He’s fluent in fashion, paid to buy clothes, and seeks quality well beyond the tangible.
Meet Jim Morrall, our Senior Buyer.
What does it mean when you’re a Senior Buyer?
I love this question, people ask it all the time… what can I say… I really am paid and trained to buy clothes! Incredulous as most people find that, I will say that the clothes aren’t bought with myself in mind, and that the buy involves partnership with merchandise planning, design and our partners in the factories and mills. It’s a constant negotiation and dialogue, with the end goal of developing a cool (profitable!) collection.
With fashion as an industry being in such turbulent times, can you tell us any trends that you’ve noted in the buying game?
The industry is indeed in turbulent times but the only constant in this game is the change, the turbulence. I did an inspiration shop in London in April and went to Dover Street Market in passing… What blew my socks off was seeing the opulent, indulgent, kitsch 1970s Gucci presentation placed right opposite Raf Simons and this 1990s-minimal mood. The dialogue between these two trends is fairly uncomfortable, as if they are counter movements with fairly strong opinions about each other.
What have your learnt about people through your job?
Human psychology is complicated, and that is manifested in apparel. Normally I look at our data and I see either a risk or an opportunity for the business, but every so often a little anthropological hypothesis start to form in my mind…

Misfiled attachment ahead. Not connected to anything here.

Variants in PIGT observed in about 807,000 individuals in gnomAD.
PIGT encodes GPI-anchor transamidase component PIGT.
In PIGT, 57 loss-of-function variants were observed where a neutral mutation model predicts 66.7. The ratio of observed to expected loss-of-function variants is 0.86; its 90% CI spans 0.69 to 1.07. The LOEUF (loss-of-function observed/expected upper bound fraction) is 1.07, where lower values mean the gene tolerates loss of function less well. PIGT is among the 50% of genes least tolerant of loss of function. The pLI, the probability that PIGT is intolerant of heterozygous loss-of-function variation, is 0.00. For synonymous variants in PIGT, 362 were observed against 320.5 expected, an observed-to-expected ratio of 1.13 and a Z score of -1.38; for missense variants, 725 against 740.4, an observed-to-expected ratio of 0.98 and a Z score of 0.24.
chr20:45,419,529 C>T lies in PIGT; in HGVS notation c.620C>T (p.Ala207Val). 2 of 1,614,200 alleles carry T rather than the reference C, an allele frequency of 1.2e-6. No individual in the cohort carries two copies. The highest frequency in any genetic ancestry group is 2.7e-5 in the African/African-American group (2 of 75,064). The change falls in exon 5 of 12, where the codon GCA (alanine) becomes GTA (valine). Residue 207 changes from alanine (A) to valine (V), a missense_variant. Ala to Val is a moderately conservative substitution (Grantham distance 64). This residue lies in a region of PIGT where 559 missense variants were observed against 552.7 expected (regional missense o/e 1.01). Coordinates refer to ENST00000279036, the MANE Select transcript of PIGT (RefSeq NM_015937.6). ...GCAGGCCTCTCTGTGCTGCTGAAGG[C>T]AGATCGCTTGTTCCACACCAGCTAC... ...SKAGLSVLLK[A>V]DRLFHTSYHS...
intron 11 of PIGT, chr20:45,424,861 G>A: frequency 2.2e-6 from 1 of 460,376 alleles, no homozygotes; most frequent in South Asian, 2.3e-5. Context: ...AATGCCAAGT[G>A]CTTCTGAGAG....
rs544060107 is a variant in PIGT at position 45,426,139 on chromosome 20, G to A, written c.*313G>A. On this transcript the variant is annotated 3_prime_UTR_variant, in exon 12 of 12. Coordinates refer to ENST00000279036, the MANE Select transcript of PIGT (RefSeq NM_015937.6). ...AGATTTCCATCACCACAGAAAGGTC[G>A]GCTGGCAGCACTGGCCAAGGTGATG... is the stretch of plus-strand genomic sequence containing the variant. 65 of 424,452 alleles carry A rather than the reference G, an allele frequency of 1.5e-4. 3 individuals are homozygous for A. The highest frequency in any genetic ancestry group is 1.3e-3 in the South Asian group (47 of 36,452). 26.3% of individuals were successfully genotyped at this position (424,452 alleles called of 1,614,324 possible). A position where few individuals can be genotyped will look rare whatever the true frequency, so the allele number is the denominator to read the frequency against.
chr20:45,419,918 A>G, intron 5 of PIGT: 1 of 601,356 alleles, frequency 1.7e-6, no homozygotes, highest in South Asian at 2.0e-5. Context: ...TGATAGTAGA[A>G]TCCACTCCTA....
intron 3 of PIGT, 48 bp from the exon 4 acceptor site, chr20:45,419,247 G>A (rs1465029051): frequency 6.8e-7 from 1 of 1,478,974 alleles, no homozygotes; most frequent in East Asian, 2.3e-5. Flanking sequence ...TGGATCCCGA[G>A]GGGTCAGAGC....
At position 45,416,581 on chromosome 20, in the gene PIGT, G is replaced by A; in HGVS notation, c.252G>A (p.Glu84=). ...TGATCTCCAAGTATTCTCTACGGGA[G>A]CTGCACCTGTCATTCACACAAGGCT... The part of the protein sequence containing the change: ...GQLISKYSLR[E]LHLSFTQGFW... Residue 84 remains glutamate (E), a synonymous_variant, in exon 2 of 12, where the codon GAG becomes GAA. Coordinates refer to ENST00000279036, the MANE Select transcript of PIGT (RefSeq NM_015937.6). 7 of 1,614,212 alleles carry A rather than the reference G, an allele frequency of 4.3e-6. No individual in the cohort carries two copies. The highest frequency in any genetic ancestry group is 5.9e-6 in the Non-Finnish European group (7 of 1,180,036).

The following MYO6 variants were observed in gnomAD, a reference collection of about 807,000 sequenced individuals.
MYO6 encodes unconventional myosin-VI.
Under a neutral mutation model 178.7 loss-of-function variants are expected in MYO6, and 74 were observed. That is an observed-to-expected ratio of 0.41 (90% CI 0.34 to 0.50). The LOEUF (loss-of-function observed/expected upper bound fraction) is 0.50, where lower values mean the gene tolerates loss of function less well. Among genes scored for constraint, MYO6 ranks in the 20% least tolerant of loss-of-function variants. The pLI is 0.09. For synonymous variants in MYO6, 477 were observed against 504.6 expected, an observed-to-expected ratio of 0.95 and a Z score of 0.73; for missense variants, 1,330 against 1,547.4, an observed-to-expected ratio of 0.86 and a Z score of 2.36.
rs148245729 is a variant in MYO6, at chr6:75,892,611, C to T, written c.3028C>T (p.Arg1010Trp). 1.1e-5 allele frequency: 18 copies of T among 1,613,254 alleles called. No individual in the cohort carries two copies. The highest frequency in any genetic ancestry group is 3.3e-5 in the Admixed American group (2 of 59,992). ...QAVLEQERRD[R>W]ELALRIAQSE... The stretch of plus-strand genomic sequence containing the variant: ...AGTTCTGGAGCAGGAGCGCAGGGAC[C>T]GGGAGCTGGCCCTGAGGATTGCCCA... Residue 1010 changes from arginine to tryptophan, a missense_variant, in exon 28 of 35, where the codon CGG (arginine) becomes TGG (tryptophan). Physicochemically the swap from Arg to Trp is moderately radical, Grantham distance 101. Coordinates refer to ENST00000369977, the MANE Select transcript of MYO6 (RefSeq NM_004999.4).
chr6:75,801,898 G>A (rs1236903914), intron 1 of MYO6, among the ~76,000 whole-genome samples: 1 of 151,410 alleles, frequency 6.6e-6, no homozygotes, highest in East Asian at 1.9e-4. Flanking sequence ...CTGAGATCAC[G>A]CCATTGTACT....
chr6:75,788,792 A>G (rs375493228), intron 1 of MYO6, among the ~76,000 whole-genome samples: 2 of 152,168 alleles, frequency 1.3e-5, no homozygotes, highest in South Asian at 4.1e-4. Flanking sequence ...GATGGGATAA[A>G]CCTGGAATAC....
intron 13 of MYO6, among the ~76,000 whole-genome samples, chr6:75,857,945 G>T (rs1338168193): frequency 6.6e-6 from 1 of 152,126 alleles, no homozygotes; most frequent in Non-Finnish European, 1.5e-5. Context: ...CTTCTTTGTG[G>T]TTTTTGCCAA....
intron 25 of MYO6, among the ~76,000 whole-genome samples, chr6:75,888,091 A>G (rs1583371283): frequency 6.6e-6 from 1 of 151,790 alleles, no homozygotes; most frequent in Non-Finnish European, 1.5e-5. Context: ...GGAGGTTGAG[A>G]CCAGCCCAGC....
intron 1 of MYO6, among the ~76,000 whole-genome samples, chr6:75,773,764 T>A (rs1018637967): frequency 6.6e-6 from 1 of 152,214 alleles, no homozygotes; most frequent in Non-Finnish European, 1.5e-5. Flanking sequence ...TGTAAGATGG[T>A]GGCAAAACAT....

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What’s the most difficult thing about your job?
Switching off. Clothes and shops are EVERYWHERE.
What’s it like working in a startup compared to your previous jobs?
It’s like riding a dirt bike, as opposed to steering a cruise liner.
What interests you in fashion?
The clothes that people wear are telling of their self, their time and their place… but sometimes I check out from all that and just appreciate a print, a colour, a fabric or a silhouette. Art for art’s sake!
Can you tell us a bit about the places you’ve lived, what led you there, and how they influenced you as a person?
The universe has led me to a few places, some of which I would have hoped to predict as a kid, others were total curve balls. Geneva taught me that money can’t buy imagination. New York and Hong Kong confirmed to me that I crave constant flux. Living in Bordeaux was a very, very pleasurable lesson in l’art de vivre.
What do you look for in quality when it comes to curating your life?
I like spending quality time with quality people in quality places – eating street food in Taipei, having a pint of real ale in an old English pub. I also love buying quality things, although defining quality can be subjective. For example, I think the London Underground map is the best example of graphic design ever made so I have one on my wall. It honestly soothes me, the graphic clarity. I also have a great hand-woven Kashmiri rug with a lovely lustre that I bought in Mumbai, and the whole negotiation and ceremony of buying it was itself a quality experience.
Do have any tips for finding work / life balance? Have you found it yet?
Find a job that you love. Work smart and be nice to your team. That way, even if you don’t switch off it’s for the right reasons.